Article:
Cracker Barrel enraged some of its fans with a ‘woke’ plant-based sausage, but it’s been an increasingly progressive company for years

August 5, 2022, 4:15 PM UTC
Cracker Barrel restaurant
Is Cracker Barrel really too “woke”?
Getty Images

Cracker Barrel is at the center of the internet’s latest tempest in a teapot, with a vocal contingent of commenters expressing outrage over the chain’s announcement it would begin offering Impossible sausage on its menu.

The addition of the plant-based option doesn’t mean pork or turkey sausage is going away, and several other restaurant chains, including Burger King, have seen great success by offering the meatless option. But that’s little comfort to protesters, who howl the restaurant has gone “woke.”

It’s important to note that while the people complaining loudest online may or may not be customers of the chain, whoever they are, they seemingly haven’t been paying a lot of attention to how Cracker Barrel operates.

Though the chain infamously practiced discrimination in the 1990s and 2000s, including firing gay workers in 1991 for not having “normal heterosexual values,” it has been a leader in the inclusivity movement in recent years.

In 2019, the company stood firmly against discrimination, banning anti-LGBTQ Knoxville pastor Grayson Fritts and his church members from using a Tennessee Cracker Barrel as a meeting place.

“We believe it’s crucially important to foster this environment for our employees for many reasons,” a Cracker Barrel spokeswoman told the Knoxville News Sentinel at the time. “The guest experience should never exceed the employee experience, because our success begins with the employee experience.”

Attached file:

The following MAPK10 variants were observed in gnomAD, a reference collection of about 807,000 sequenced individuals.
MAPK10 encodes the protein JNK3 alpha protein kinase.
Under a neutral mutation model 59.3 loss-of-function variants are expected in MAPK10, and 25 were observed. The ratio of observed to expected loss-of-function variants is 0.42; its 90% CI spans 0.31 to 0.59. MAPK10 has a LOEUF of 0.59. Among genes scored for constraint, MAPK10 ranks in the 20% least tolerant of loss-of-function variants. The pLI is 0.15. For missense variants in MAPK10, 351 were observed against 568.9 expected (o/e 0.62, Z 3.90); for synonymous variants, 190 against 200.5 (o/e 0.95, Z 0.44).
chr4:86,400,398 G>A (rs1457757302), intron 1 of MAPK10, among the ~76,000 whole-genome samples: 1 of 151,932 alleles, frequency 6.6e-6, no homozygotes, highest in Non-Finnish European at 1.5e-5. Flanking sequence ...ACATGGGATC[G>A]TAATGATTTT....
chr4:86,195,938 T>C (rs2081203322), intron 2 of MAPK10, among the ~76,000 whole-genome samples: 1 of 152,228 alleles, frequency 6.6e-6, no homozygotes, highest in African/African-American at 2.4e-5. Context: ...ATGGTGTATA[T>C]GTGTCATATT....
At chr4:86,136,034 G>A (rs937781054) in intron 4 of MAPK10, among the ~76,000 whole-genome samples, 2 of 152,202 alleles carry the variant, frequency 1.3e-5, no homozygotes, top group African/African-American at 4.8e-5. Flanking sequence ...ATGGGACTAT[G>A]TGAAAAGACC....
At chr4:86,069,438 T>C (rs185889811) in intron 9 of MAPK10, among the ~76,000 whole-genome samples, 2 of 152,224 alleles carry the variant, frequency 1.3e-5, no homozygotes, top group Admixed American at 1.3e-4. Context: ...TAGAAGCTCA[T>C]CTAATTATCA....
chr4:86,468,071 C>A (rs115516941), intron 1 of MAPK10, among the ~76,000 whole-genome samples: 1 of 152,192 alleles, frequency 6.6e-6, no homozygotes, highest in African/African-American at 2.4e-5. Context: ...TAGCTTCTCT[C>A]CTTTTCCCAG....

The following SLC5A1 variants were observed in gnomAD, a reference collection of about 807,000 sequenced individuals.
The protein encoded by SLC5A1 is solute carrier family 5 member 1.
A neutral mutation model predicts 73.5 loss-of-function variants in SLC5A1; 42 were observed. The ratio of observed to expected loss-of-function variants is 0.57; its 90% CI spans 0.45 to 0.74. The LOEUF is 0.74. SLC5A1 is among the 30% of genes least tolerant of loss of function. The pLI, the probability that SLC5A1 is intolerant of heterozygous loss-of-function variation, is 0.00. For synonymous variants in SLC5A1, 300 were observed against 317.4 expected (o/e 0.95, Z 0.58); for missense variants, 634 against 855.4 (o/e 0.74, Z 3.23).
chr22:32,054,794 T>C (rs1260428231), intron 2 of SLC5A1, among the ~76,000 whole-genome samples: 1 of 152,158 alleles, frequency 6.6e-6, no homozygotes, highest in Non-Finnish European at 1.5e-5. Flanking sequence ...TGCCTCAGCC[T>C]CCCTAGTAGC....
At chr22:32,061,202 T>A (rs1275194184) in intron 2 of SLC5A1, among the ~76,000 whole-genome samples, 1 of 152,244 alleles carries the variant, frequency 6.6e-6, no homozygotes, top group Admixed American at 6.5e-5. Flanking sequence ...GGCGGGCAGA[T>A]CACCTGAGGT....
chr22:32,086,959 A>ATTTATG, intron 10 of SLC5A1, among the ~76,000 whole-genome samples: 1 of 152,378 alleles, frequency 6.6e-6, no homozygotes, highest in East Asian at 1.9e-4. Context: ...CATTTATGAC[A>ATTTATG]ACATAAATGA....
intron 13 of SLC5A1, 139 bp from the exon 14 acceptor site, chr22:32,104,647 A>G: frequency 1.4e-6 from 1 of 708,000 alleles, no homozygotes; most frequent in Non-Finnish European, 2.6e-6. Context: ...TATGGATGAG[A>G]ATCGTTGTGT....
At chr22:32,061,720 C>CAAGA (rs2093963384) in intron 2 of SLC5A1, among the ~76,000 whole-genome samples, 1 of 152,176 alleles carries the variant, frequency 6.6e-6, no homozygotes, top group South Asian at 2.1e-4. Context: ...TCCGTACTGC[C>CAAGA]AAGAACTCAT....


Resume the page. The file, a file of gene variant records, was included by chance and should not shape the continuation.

The chain’s scores on the Human Rights Campaign’s Corporate Equality Index have more than doubled from 35 when CEO Sandra Cochran took over in 2011 to 80 in 2022.

Last June, the company said on its Facebook page that it has been on “a journey of improvement and understanding,” adding the “Cracker Barrel dining room is a place where people of all ages, races, genders, ethnicities, walks of life, political preferences, and sexual orientations can come together and feel at home.”

Like the recent announcement of plant-based sausage, that statement led to protests from some self-described customers. But in its most recent earnings, the company reported revenue of over $790 million, nearly an 11% increase from the previous year. Comparable store restaurant sales were up 10.9%.

For its part, Cracker Barrel is choosing to focus on the positives. In a statement provided to Fortune about the reaction to its new meatless options, it said: “We appreciate the love our fans have for our all-day breakfast menu. At Cracker Barrel, we’re always exploring opportunities to expand how our guests experience breakfast and provide choices to satisfy every taste bud—whether people want to stick with traditional favorites like bacon and sausage or are hungry for a new, plant-based option like Impossible Sausage.”

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